10 Problems with the Datamaster DUI Breath Test Machine

Every human being is different.  No one is perfectly average in every way.  People differ in their health in countless ways, but the Datamaster DMT DUI breath test machine assumes each breath sample is given by a subject who has certain physical characteristics.  No one has all the characteristics and therefore, the breath alcohol measurement is necessarily inaccurate to some degree.

The big question is how inaccurate is it and can the measurement be regarded (or disregarded) as inaccurate and not meaningful.  To answer this question, one should understand at least the following ten problems with the Datamaster DMT breath test machine:
  1. Hypoglycemia – Low blood sugar, or hypoglycemia, is a condition that occurs in diabetics.  About one in seven people are diabetic, but far less than this know they are diabetic.  Hypoglycemia creates acetone in the breath, which the Datamaster DMT falsely measures as consumed alcohol.
  2. Endogenous Ethanol Production – Everyone produces their own supply of alcohol on a continuous basis, constantly (seven days per week, 24 hours per day).  It is called endogenous ethanol production and some people produce enough to be considered intoxicated according to measurements of this by a Datamaster DMT machine.
  3. Abnormal Hematocrit – The Datamaster DMT assumes a hematocrit of 47%.  This is the ratio of red blood cells to the total volume of blood.  For men, hematocrit values vary from 42% to 52% and in women from 37% to 47%.  If one is anemic, his or her hematocrit will be lower than average and, consequently, the Datamaster DMT will show a falsely high BAC reading.  Almost all women will have a falsely high reading unless they have an unusually high hematocrit and most endurance athletes (i.e. runners) are slightly anemic, so their BAC will register as falsely high.
  4. Breath Temperature – if someone has a fever, their breath temperature will be high and their BAC will register as falsely high.  Conversely, if one is particularly cold, their breath temperature will be lower and their BAC will be falsely low.
  5. Breathing Pattern – The Datamaster DMT is designed to measure alcohol content in alveolar air from deep in the lungs, near where the blood releases ethanol into the lungs.  It someone is not breathing out deep lung air, their alcohol content in their lungs will be lower than alveolar air.  The first part of one’s breath is air that is not directly from the deep lungs, so it is of lower alcohol content, whereas the last part of one’s breath usually is more air from deep in the lungs.  In fact, the last part of one’s breath can be 50% higher in alcohol content than one’s actual BAC.  This is often why police officer exhort suspects to keep blowing on a breath test machine, so that the higher-alcohol content air can be measured to justify the arrest.
  6. Gastroesophageal Reflux Disease (GERD) – The Datamaster DMT is designed to test air from the lungs and assumes that the air is from the lungs.  Someone with GERD, or heartburn (or acid reflux), exhales stomach acid containing alcohol from the stomach and not the lungs.  The Datamaster DMT then measures this air mixed with air from the lungs and registers a far higher blood alcohol content than is in the suspect’s blood.  Those people suffering from GERD can have a BAC of up to 0.05% higher registered than what their BAC is in their blood.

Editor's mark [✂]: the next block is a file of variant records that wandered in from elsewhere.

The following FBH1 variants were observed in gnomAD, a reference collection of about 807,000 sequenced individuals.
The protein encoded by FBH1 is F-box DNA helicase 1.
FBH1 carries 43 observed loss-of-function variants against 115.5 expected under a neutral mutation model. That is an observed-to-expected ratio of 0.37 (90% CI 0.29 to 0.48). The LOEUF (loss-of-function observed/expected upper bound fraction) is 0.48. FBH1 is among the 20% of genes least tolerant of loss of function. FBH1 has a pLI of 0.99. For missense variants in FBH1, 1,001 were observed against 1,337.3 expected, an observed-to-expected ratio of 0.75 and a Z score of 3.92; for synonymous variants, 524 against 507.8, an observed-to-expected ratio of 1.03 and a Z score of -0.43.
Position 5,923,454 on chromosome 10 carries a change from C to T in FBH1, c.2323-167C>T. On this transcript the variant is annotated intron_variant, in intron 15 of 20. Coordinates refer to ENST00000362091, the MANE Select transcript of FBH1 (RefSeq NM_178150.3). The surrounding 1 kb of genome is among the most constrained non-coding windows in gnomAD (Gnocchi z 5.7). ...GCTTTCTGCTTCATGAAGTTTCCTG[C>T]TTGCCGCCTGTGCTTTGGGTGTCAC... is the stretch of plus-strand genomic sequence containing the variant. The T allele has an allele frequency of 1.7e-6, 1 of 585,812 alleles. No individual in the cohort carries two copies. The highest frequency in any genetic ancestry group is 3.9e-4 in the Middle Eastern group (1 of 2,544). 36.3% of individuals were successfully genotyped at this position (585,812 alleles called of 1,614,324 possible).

7. Radio-Frequency Interference – Radio frequencies can cause the Datamaster DMT to measure a higher BAC than the suspect’s actual BAC.  This can be caused by the officer or another officer nearby using his or her cellphone or his or her radio.  The Datamaster DMT is supposed to detect such interference and display an alert to the operator that there is radio frequency interference affecting the machine.  In response, the operator is supposed to remove his or her cell phone or radio to eliminate the problem, but we find officers usually do not and just run the test again.
  8. Barometric Pressure – The Datamaster DMT assumes a certain atmospheric pressure to apply the partition ratio or 2100: 1, so if there is a storm coming through with dropping atmospheric pressure, the BAC readings will be higher than what one’s actual blood alcohol content is.  Likewise, at a higher altitude, the Datamaster DMT will register a higher-than accurate BAC reading.
  9. Operator Error / Maintenance Issues –  Often the police officer using the machine does not observe the suspect for a full fifteen minutes prior to the test or does not check the suspect’s mouth prior to the test (one time, our client had false teeth, which are supposed to be removed).  Other times, the machine is not properly inspected or calibrated when scheduled.  A good hint that this is so is when the police fail to adjust the time of day on the machine after daylight saving time starts or ends.
  10. Problems with Simulator Solutions – The Datamaster DMT uses solutions of water and alcohol during the test.  If the calibration of the machine is not based on a proper solution, the measurements later for an actual breath sample from a suspected DUI driver will be inaccurate.  One can detect this problem by looking at the calibration logs for the machine in question.

For more information about DUI breath test issues, please click on the following articles:

  1. Five Years of PAS (Preliminary Alcohol Screening) Device Records Found Inaccurate in San Francisco
  2. Is an Endurance Athlete’s Fitness a Disadvantage in a DUI Breath Test?
  3. Are Breathalyzer Tests Meaningless?  State Supreme Court Says No
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